Reading - 16-19 Create a Quiz Addressee Unknown

This is a create-your-own quiz for students while reading a story Addressee Unknown and using common ACT distracters.



Use the section of Addressee Unknown chosen by your group.
1- November 12, 1932 / 2- December 10, 1932 / 3- January 21, 1933 / 4- March 25, 1933 / 5- May 18, 1933 / 6- July 9, 1933 / 7- August 1, 1933 / 8- August 18, 1933 / 9- December 8, 1933 / February 12, 1934
Create a six-question, multiple choice (A-D) quiz using the distracters and stems below. The questions are to be based on the stems, and the answers should be based on the distracters. Be sure to highlight the correct answer.

It’s OK to share the work on this assignment, but each student must have copy of the completed assignment in the appropriate folder in order to get credit. Put everyone's name on the paper, too.


Types of Distracters


Distracters are answer choices that intellectually distract you from picking the correct answer.  This means that distracters are designed to be tough thinking challenges.  If you can learn to overcome the challenges, you become a better thinker.  There are four types of distracters.  See below for a description of each one.


1. Distortion

When the answer choice is untrue, either completely or only partially.  It cannot be verified by the passage.

2. Switch

When the answer choice is true, but it is not the answer to the question you are trying to answer.

3. Unsupported Positive

When the answer choice is untrue, but it seems like a very pleasant choice.  It often plays on your biases.

Ex: America is the land of the free and citizens should be grateful for what they have.

4. Extreme

When the answer choice includes a word(s) that makes it impossible to be correct.

Ex: The government never denies assistance to immigrants.

ACT Reading Distracter Cheat Sheet




Unsupported Positive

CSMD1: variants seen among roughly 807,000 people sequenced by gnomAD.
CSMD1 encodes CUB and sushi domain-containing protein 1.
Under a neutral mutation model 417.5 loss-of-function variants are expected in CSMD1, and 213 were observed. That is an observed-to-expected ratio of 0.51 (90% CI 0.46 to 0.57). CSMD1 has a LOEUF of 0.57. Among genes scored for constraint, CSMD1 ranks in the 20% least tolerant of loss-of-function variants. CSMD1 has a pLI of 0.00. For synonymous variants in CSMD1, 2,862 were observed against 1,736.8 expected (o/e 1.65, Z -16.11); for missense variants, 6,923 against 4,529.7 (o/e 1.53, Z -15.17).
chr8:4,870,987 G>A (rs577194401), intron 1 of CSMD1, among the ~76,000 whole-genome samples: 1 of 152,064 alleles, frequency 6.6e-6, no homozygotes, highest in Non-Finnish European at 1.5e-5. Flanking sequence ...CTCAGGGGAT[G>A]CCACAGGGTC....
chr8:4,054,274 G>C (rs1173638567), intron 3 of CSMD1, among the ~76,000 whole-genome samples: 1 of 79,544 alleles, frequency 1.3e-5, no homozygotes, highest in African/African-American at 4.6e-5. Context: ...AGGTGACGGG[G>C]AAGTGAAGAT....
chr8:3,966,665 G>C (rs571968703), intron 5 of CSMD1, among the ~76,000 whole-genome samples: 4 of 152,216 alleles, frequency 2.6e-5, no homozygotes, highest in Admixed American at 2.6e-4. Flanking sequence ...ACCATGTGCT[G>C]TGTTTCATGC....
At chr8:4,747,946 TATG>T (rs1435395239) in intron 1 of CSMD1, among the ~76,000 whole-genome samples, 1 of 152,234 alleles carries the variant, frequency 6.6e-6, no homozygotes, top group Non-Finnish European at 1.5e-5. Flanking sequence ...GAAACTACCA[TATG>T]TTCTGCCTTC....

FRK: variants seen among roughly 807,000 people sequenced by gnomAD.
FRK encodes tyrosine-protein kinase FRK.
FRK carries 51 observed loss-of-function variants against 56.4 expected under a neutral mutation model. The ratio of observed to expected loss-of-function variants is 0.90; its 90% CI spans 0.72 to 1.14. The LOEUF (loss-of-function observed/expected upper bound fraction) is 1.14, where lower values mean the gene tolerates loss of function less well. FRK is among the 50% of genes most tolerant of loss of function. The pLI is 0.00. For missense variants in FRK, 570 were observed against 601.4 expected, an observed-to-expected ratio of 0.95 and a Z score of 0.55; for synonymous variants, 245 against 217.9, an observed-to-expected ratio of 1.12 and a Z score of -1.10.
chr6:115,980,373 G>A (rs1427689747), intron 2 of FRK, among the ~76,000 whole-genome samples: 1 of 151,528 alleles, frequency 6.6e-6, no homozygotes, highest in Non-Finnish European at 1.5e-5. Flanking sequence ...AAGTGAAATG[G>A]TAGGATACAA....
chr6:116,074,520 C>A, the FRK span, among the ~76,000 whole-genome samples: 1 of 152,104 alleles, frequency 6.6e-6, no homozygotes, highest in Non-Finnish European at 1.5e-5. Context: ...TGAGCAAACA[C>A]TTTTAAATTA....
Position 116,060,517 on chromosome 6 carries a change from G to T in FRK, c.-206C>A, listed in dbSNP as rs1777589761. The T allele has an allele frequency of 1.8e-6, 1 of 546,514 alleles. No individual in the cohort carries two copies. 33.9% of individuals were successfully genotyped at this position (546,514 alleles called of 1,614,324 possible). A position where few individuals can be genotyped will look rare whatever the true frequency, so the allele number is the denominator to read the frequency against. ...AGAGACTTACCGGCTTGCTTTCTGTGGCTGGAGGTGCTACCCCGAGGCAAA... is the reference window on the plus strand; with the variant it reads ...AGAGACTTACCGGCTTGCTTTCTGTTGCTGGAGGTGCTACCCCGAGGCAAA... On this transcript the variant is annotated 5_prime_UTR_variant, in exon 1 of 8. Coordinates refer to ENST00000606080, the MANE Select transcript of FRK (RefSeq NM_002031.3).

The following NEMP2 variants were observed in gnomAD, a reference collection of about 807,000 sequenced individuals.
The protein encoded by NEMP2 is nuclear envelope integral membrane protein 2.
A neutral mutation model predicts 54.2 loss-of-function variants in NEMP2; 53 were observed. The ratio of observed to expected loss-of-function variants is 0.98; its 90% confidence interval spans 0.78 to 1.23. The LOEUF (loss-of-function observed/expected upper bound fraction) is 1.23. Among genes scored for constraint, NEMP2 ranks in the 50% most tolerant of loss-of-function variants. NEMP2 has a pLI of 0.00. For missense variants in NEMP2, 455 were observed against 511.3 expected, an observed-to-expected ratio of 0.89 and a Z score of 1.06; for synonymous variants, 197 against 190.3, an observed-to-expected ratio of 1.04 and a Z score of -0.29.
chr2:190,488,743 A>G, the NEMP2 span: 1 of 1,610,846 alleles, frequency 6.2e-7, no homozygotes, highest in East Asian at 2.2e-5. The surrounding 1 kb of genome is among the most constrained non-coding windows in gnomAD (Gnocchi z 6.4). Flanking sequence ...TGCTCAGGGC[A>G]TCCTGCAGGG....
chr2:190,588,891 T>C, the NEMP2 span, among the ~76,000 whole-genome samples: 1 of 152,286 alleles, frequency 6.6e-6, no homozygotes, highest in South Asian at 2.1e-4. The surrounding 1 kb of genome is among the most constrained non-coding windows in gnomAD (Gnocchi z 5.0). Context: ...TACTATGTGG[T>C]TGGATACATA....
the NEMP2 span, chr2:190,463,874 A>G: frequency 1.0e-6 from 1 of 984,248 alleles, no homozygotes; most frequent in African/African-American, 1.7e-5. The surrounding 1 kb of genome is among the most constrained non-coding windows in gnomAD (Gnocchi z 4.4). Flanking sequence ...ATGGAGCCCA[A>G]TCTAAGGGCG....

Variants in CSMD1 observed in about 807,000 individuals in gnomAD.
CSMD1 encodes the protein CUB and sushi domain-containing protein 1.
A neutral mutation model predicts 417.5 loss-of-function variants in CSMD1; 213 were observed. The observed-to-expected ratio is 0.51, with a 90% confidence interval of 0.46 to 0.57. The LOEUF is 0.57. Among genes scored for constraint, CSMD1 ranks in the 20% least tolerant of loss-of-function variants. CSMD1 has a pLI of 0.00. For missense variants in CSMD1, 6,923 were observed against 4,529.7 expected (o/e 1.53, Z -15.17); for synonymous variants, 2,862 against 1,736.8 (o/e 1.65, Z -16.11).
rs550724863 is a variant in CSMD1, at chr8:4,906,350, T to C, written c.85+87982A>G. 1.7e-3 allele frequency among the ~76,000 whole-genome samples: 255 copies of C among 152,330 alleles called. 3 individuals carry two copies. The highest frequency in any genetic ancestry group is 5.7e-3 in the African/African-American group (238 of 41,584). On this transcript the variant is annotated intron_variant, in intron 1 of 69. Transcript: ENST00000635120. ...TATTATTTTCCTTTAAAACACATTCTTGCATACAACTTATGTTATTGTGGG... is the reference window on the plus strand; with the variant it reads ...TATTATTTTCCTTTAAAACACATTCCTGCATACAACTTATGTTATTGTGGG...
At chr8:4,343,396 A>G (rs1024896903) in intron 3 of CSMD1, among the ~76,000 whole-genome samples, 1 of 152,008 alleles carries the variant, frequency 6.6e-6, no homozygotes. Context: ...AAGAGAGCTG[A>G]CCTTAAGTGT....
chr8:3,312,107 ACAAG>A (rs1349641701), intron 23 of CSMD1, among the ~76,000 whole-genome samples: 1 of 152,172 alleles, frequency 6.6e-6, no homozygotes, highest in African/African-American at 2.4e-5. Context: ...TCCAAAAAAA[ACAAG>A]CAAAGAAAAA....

• Choice misstates or distorts the passage
  • Choice takes words/phrases out of context
  • Choice gives an answer not stated in the passage
  • Choice represents a conclusion beyond what the passage can support
  • Choice disagrees with the overall meaning of the passage

Choice gives a correct answer to another question

Choice is an unsupported/unconfirmed positive statement which appeals to a reader’s biases or basic sensibilities, or appears to be universally true

Choice contains an exaggeration (e.g., always) or an unwarranted superlative (ideal/perfect)

ACT Reading Question Stem Cheat Sheet


Main Idea

Supporting Details


  • Which of the following is the main point of the passage?
  • The main argument the author makes about ______________________ is…
  • What is the main theme of (a specific paragraph/line)?
  • The best title/ a reasonable title for this selection is…
  • A major goal of __________________ is to:
  • The primary purpose is to…
  • The author is primarily concerned with …
  • By the end of the selection, we find that…

The author mentions which of the following?

According to (a specific paragraph/section/the passage)…

Why does the author mention/note/write…?

Who/what/where/when did…?

According to the passage, all of the following are true about ________________ except…

The author compares/contrasts…

According to the passage, _____________ resulted in …

The passage clearly indicates…

The passage states…

Sequentials, Comparatives & Cause-Effect Relationships

  • According to the passage, _________________ probably happens because…

Meanings of Words

  • As used in the passage, the word ______________ means which of the following?
  • As presented in the passage, ____________ would be best described…

Generalizations & Conclusions

  • The author suggests that…
  • With which of the following statements would the author agree?
  • The passage is probably taken from [source]…
  • It can be reasonably inferred from the passage that…
  • The passage suggests…
  • The author implies that…
  • The primary purpose of this passage…
  • The attitude of the author toward…

NOTE ABOUT DISTRACTERS: Many question stem formulas used by ACT seem to overlap.  For example, a stem that reads, “According to the passage, ___________ resulted in…” may seem like a cause-effect question.  However, if the question asks the reader to identify concrete details from the passage, then it is essentially testing supporting details.